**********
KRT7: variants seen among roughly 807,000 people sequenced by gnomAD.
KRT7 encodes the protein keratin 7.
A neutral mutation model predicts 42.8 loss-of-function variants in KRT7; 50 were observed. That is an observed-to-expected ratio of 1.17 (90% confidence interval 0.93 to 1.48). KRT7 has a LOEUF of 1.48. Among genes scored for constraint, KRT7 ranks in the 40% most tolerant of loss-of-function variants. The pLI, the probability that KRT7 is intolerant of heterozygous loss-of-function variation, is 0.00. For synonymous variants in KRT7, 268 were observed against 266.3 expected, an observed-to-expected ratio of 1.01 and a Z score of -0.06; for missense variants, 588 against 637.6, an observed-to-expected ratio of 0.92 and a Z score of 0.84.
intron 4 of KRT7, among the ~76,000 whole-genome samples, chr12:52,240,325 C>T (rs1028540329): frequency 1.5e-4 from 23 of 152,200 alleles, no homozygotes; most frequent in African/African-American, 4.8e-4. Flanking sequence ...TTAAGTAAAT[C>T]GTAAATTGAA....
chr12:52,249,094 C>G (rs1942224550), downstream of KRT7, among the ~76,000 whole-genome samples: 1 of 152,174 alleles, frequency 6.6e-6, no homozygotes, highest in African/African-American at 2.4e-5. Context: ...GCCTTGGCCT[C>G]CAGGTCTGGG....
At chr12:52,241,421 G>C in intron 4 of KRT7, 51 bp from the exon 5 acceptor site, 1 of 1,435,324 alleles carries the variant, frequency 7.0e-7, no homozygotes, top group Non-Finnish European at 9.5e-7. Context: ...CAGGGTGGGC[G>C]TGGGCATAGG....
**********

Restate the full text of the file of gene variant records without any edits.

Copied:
KRT7: variants seen among roughly 807,000 people sequenced by gnomAD.
KRT7 encodes the protein keratin 7.
A neutral mutation model predicts 42.8 loss-of-function variants in KRT7; 50 were observed. That is an observed-to-expected ratio of 1.17 (90% confidence interval 0.93 to 1.48). KRT7 has a LOEUF of 1.48. Among genes scored for constraint, KRT7 ranks in the 40% most tolerant of loss-of-function variants. The pLI, the probability that KRT7 is intolerant of heterozygous loss-of-function variation, is 0.00. For synonymous variants in KRT7, 268 were observed against 266.3 expected, an observed-to-expected ratio of 1.01 and a Z score of -0.06; for missense variants, 588 against 637.6, an observed-to-expected ratio of 0.92 and a Z score of 0.84.
intron 4 of KRT7, among the ~76,000 whole-genome samples, chr12:52,240,325 C>T (rs1028540329): frequency 1.5e-4 from 23 of 152,200 alleles, no homozygotes; most frequent in African/African-American, 4.8e-4. Flanking sequence ...TTAAGTAAAT[C>T]GTAAATTGAA....
chr12:52,249,094 C>G (rs1942224550), downstream of KRT7, among the ~76,000 whole-genome samples: 1 of 152,174 alleles, frequency 6.6e-6, no homozygotes, highest in African/African-American at 2.4e-5. Context: ...GCCTTGGCCT[C>G]CAGGTCTGGG....
At chr12:52,241,421 G>C in intron 4 of KRT7, 51 bp from the exon 5 acceptor site, 1 of 1,435,324 alleles carries the variant, frequency 7.0e-7, no homozygotes, top group Non-Finnish European at 9.5e-7. Context: ...CAGGGTGGGC[G>C]TGGGCATAGG....